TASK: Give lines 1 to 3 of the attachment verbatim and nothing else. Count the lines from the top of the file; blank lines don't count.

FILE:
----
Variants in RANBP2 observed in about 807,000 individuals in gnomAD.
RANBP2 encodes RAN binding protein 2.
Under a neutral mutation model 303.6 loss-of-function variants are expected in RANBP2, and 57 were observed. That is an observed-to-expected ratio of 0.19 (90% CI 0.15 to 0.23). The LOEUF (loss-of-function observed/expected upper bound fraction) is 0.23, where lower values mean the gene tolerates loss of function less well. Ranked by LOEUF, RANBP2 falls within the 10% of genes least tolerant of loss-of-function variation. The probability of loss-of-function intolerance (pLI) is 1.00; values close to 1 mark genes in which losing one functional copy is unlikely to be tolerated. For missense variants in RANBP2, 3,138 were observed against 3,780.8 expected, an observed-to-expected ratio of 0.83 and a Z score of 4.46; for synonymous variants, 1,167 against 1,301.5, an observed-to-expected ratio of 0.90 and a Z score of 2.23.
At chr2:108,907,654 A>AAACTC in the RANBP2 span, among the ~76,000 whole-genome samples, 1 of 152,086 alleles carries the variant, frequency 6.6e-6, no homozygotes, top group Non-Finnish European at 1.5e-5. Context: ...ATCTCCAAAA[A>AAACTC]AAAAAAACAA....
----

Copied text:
Variants in RANBP2 observed in about 807,000 individuals in gnomAD.
RANBP2 encodes RAN binding protein 2.
Under a neutral mutation model 303.6 loss-of-function variants are expected in RANBP2, and 57 were observed. That is an observed-to-expected ratio of 0.19 (90% CI 0.15 to 0.23). The LOEUF (loss-of-function observed/expected upper bound fraction) is 0.23, where lower values mean the gene tolerates loss of function less well. Ranked by LOEUF, RANBP2 falls within the 10% of genes least tolerant of loss-of-function variation. The probability of loss-of-function intolerance (pLI) is 1.00; values close to 1 mark genes in which losing one functional copy is unlikely to be tolerated. For missense variants in RANBP2, 3,138 were observed against 3,780.8 expected, an observed-to-expected ratio of 0.83 and a Z score of 4.46; for synonymous variants, 1,167 against 1,301.5, an observed-to-expected ratio of 0.90 and a Z score of 2.23.